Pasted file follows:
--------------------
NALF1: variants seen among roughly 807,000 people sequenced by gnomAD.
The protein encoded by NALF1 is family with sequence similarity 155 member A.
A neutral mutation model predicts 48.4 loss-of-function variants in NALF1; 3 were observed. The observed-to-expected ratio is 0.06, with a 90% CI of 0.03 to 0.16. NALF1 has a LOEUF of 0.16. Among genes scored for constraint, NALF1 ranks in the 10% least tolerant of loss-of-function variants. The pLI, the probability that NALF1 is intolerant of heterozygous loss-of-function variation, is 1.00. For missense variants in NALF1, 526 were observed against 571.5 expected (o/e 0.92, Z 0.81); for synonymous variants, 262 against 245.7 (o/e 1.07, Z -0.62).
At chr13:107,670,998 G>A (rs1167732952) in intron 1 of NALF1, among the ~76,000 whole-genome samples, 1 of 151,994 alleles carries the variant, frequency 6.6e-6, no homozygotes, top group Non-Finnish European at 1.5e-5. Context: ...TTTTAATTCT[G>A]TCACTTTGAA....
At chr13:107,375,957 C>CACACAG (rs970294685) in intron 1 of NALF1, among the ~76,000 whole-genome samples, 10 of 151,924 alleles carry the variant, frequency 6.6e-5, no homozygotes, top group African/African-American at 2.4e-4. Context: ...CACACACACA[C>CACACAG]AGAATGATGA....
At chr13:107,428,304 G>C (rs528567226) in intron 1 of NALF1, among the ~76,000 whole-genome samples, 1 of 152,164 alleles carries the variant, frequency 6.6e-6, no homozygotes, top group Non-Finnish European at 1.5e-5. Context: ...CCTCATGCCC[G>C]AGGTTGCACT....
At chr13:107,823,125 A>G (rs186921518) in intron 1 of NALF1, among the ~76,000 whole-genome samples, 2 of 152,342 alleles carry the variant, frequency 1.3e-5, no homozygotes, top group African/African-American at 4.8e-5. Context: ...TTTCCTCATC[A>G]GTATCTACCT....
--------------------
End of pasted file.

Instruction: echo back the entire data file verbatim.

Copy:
NALF1: variants seen among roughly 807,000 people sequenced by gnomAD.
The protein encoded by NALF1 is family with sequence similarity 155 member A.
A neutral mutation model predicts 48.4 loss-of-function variants in NALF1; 3 were observed. The observed-to-expected ratio is 0.06, with a 90% CI of 0.03 to 0.16. NALF1 has a LOEUF of 0.16. Among genes scored for constraint, NALF1 ranks in the 10% least tolerant of loss-of-function variants. The pLI, the probability that NALF1 is intolerant of heterozygous loss-of-function variation, is 1.00. For missense variants in NALF1, 526 were observed against 571.5 expected (o/e 0.92, Z 0.81); for synonymous variants, 262 against 245.7 (o/e 1.07, Z -0.62).
At chr13:107,670,998 G>A (rs1167732952) in intron 1 of NALF1, among the ~76,000 whole-genome samples, 1 of 151,994 alleles carries the variant, frequency 6.6e-6, no homozygotes, top group Non-Finnish European at 1.5e-5. Context: ...TTTTAATTCT[G>A]TCACTTTGAA....
At chr13:107,375,957 C>CACACAG (rs970294685) in intron 1 of NALF1, among the ~76,000 whole-genome samples, 10 of 151,924 alleles carry the variant, frequency 6.6e-5, no homozygotes, top group African/African-American at 2.4e-4. Context: ...CACACACACA[C>CACACAG]AGAATGATGA....
At chr13:107,428,304 G>C (rs528567226) in intron 1 of NALF1, among the ~76,000 whole-genome samples, 1 of 152,164 alleles carries the variant, frequency 6.6e-6, no homozygotes, top group Non-Finnish European at 1.5e-5. Context: ...CCTCATGCCC[G>C]AGGTTGCACT....
At chr13:107,823,125 A>G (rs186921518) in intron 1 of NALF1, among the ~76,000 whole-genome samples, 2 of 152,342 alleles carry the variant, frequency 1.3e-5, no homozygotes, top group African/African-American at 4.8e-5. Context: ...TTTCCTCATC[A>G]GTATCTACCT....